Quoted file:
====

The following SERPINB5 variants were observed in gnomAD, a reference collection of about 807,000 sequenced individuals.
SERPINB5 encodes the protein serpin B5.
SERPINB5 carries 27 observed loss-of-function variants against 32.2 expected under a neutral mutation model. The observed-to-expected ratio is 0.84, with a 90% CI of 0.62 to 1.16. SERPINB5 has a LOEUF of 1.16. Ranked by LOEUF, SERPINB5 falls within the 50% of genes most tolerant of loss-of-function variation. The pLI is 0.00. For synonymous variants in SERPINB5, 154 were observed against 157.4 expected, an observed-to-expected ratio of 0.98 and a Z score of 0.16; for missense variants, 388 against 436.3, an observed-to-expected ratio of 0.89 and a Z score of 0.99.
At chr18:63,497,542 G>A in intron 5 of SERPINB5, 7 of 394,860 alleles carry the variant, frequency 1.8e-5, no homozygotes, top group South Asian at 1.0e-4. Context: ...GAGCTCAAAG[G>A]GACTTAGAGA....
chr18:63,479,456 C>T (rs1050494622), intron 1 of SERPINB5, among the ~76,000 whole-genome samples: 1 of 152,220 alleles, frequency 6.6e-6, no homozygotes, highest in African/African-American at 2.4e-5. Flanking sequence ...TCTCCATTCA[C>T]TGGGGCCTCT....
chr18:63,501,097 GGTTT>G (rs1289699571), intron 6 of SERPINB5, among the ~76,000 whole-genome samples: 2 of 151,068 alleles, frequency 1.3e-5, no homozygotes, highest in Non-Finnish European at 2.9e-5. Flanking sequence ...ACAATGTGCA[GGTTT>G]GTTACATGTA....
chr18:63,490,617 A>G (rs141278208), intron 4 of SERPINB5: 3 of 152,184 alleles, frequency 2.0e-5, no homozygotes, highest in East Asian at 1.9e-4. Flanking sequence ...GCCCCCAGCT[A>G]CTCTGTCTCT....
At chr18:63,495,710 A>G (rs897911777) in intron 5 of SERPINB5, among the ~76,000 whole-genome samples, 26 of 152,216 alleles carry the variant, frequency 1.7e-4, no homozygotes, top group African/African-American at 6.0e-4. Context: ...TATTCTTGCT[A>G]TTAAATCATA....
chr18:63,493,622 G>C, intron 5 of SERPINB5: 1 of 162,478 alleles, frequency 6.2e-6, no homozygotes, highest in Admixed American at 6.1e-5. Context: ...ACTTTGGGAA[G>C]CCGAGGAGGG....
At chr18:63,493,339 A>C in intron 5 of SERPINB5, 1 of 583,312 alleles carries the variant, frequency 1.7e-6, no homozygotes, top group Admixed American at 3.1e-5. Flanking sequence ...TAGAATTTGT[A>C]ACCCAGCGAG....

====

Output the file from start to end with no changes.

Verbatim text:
The following SERPINB5 variants were observed in gnomAD, a reference collection of about 807,000 sequenced individuals.
SERPINB5 encodes the protein serpin B5.
SERPINB5 carries 27 observed loss-of-function variants against 32.2 expected under a neutral mutation model. The observed-to-expected ratio is 0.84, with a 90% CI of 0.62 to 1.16. SERPINB5 has a LOEUF of 1.16. Ranked by LOEUF, SERPINB5 falls within the 50% of genes most tolerant of loss-of-function variation. The pLI is 0.00. For synonymous variants in SERPINB5, 154 were observed against 157.4 expected, an observed-to-expected ratio of 0.98 and a Z score of 0.16; for missense variants, 388 against 436.3, an observed-to-expected ratio of 0.89 and a Z score of 0.99.
At chr18:63,497,542 G>A in intron 5 of SERPINB5, 7 of 394,860 alleles carry the variant, frequency 1.8e-5, no homozygotes, top group South Asian at 1.0e-4. Context: ...GAGCTCAAAG[G>A]GACTTAGAGA....
chr18:63,479,456 C>T (rs1050494622), intron 1 of SERPINB5, among the ~76,000 whole-genome samples: 1 of 152,220 alleles, frequency 6.6e-6, no homozygotes, highest in African/African-American at 2.4e-5. Flanking sequence ...TCTCCATTCA[C>T]TGGGGCCTCT....
chr18:63,501,097 GGTTT>G (rs1289699571), intron 6 of SERPINB5, among the ~76,000 whole-genome samples: 2 of 151,068 alleles, frequency 1.3e-5, no homozygotes, highest in Non-Finnish European at 2.9e-5. Flanking sequence ...ACAATGTGCA[GGTTT>G]GTTACATGTA....
chr18:63,490,617 A>G (rs141278208), intron 4 of SERPINB5: 3 of 152,184 alleles, frequency 2.0e-5, no homozygotes, highest in East Asian at 1.9e-4. Flanking sequence ...GCCCCCAGCT[A>G]CTCTGTCTCT....
At chr18:63,495,710 A>G (rs897911777) in intron 5 of SERPINB5, among the ~76,000 whole-genome samples, 26 of 152,216 alleles carry the variant, frequency 1.7e-4, no homozygotes, top group African/African-American at 6.0e-4. Context: ...TATTCTTGCT[A>G]TTAAATCATA....
chr18:63,493,622 G>C, intron 5 of SERPINB5: 1 of 162,478 alleles, frequency 6.2e-6, no homozygotes, highest in Admixed American at 6.1e-5. Context: ...ACTTTGGGAA[G>C]CCGAGGAGGG....
At chr18:63,493,339 A>C in intron 5 of SERPINB5, 1 of 583,312 alleles carries the variant, frequency 1.7e-6, no homozygotes, top group Admixed American at 3.1e-5. Flanking sequence ...TAGAATTTGT[A>C]ACCCAGCGAG....